Energon passive office building
|Location||Lise-Meitner-Straße 14, Ulm, Baden-Württemberg|
|Building owner||Software AG Stiftung (+ Investor)|
|Gross floor area||8,266 m2|
|Heated net floor area||6,911 m2|
|Gross volume||32,223 m3|
|main usable floor area||5,412 m2|
|A/V ratio||0.22 m2/m3|
The building in Ulm (Germany) is at the head of a row of buildings in "Science Park II". As investor in the new office building, the Software AG Foundation also formulated ecological objectives for the property. For this office building, the passive house standard was called for in a limited-invitation competition for planning teams. High comfort and an up-market atmosphere with economical construction methods were additional requirements. In this construction project, the as-yet largest office building compliant with the passive house concept was built.
The symmetrical, compact building structure with five storeys has a physically curved facade. A generous glass-covered atrium forms the centre of the building. Walkways and stairs, as well as open areas oriented towards the atrium on the individual storeys make the atrium a hub of communication. It also serves for ventilation, and for use of daylight. Due to strategic coordination of the fire protection and climate concept, it was not necessary to seal off the offices from the atrium.
The building is a reinforced concrete skeleton construction with facades made of prefabricated wooden elements of largely equal dimensions. 20cm-thick insulation material under the foundation slab, 35cm in the facade, up to 50cm in the roof, and thermally insulating triple glazing in thermally insulated frames contribute to a very high degree of insulation. As glass accounts for 44% of the building envelope, solar loads are kept low, and nevertheless, good use of daylight is guaranteed.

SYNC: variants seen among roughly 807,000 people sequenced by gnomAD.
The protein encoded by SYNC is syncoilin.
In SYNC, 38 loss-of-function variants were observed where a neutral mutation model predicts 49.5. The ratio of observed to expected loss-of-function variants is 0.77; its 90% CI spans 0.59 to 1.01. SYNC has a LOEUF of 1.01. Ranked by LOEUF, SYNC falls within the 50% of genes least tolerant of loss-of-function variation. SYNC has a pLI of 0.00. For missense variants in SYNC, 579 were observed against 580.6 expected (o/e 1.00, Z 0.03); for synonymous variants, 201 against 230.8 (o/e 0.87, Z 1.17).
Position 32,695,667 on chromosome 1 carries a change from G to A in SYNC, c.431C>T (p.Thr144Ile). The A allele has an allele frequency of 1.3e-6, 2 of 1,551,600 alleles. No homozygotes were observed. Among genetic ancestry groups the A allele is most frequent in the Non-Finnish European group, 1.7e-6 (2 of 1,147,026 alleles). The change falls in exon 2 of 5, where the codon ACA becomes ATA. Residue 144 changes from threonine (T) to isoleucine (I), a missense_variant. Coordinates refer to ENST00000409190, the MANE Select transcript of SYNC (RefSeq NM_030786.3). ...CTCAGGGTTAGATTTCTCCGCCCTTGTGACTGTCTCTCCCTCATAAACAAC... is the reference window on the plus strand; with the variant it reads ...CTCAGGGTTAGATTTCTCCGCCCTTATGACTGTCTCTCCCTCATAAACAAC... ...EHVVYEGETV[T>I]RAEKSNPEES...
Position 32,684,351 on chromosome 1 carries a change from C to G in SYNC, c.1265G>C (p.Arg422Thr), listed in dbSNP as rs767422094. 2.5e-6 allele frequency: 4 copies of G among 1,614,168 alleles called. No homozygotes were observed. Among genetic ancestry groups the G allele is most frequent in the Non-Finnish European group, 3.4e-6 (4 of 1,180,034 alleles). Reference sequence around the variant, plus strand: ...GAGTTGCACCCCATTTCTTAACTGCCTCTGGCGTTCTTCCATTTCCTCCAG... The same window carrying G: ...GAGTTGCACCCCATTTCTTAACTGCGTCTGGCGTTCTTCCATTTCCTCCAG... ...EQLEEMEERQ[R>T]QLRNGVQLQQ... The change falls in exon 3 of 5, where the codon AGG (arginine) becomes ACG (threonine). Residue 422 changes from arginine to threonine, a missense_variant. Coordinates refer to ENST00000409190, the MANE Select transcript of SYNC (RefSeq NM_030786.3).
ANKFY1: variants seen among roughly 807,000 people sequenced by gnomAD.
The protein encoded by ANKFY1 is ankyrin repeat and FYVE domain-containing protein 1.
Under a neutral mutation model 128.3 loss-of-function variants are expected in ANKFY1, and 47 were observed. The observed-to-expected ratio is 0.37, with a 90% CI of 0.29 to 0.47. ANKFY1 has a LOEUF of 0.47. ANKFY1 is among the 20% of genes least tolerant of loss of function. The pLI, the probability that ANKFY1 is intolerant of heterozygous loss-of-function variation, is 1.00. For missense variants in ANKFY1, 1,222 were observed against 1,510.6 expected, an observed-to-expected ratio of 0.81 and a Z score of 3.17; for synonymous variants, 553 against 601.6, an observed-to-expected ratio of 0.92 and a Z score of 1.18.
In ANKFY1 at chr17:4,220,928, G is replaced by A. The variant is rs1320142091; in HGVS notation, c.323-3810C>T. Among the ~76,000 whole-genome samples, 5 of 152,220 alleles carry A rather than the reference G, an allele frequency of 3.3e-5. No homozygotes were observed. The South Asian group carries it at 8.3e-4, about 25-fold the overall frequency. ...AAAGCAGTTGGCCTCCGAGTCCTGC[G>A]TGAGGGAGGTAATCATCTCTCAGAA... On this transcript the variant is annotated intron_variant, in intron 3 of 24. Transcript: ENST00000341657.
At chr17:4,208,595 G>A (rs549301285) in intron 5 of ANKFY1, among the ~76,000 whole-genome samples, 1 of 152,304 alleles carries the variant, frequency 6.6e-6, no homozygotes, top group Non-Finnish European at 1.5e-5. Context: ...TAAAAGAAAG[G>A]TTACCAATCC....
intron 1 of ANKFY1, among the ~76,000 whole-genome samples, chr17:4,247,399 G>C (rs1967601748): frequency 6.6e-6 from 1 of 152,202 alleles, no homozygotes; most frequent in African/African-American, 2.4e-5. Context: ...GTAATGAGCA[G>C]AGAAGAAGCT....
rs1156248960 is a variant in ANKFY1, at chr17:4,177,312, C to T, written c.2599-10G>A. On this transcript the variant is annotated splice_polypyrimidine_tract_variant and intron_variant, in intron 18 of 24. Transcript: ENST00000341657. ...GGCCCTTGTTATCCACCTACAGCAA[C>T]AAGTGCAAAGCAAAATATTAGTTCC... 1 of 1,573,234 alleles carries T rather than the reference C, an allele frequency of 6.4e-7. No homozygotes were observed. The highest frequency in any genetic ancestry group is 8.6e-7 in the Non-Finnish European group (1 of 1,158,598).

For heating and cooling, the building primarily uses concrete core temperature control. For the purposes of concrete core temperature control, plastic tube heat exchangers with a surface area of around 5,000m² are laid with 10cm clearance from the underside of the flooring. For temperature control, the 40 borehole heat exchangers protrude about 100m deep into the ground. Within them, water flows in a closed circuit that comprises the borehole heat exchangers and the tube heat exchangers. Thus, the ground functions as heat storage or cold storage, and the bivalent utilisation supports thermal regeneration.
Due to large-scale activation, even very slight overtemperatures or undertemperatures are sufficient to heat or cool the very well insulated, energy-optimised building. In winter, the building's internal yields are often enough to ensure thermal comfort. If the water for the concrete core temperature control needs to be reheated, this occurs primarily via waste heat from the compression refrigeration machines for the server rooms and cold storage rooms for food. The remaining heat energy requirement is covered by remote heating.
The thermal inertia of the concrete core calls for a sophisticated control concept. To charge the concrete core optimally, the required pump running time is determined upon consideration of the room temperature, floor temperature, and water temperature. Individual room control is not possible. The concrete core temperature control is supplemented by a sophisticated ventilation concept: outdoor air is channelled through a 28m-long underground duct to the air supply centre, where it is further cooled (or heated, depending on the requirement) by the borehole heat exchangers. If heating is required, the heat recovered from exhaust air is used. In the event of very cold outdoor temperatures, the air can be further heated using remote heating. Spray humidification keeps the relative humidity of the supply air above 30% even in cold periods.